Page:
NH: Are you worried about how your show is going to be received?

BS: The thing I’m most worried about the most is because there’s been quite a lot of media coverage, and you have to be sensitive about the fact that there are some people who have left Gloriavale, not that they’re necessarily going to come to my show, but people out there who have had a rough time in there. I don’t want to make the show about incest jokes all the time, so there’s a really fine line between representing it well and accurately, because you don’t want to shy away from that stuff, but at the same time still making it funny but not too dark.

I think that’s what I’m scared about the most, is that people are gonna find it offensive and think that I’m making broad strokes about the community that I’ve never actually visited. All the research I’ve really done about it is on the internet, and there’s only so much from Gloriavale that’s on the internet and only so much that they choose to put out. It’s hard, but I think as long as I focus heaps on the character and who she is, Providence Gratitude the made up character and her relationship to Auckland, because I know Auckland. Hopefully that will be a good recipe rather than deliberately being offensive.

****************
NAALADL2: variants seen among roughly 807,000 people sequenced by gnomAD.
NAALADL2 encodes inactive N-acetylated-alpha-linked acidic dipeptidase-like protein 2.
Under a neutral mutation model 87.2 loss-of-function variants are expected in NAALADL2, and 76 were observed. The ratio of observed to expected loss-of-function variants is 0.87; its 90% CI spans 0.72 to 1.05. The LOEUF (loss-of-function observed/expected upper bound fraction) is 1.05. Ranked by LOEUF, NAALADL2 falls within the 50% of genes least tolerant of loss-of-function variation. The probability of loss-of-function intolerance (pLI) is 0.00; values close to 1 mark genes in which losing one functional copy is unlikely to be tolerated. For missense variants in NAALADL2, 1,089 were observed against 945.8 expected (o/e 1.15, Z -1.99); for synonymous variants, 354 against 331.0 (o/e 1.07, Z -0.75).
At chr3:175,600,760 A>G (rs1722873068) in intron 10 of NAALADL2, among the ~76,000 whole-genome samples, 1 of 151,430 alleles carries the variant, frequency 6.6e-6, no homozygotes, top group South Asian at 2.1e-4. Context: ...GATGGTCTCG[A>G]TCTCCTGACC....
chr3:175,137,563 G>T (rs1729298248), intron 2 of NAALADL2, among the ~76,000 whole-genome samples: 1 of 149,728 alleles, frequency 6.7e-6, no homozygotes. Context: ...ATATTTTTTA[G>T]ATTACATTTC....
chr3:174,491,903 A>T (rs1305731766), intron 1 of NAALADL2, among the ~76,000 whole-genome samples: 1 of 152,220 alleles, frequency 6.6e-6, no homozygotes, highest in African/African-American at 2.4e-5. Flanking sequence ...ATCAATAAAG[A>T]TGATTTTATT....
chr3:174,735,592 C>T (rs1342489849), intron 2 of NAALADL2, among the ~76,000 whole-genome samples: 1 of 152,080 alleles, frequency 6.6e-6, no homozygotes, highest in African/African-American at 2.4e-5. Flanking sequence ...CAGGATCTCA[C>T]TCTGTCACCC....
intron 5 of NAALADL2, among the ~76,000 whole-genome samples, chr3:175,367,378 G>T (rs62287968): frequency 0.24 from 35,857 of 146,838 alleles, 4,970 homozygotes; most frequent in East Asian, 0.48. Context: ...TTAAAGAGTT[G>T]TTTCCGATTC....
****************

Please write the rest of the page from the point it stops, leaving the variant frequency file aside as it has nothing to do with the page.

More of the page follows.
Brynley Stent performs her show Escape From Gloriavale as part of the upcoming comedy festival. Tickets to her Auckland and Wellington shows can be found here.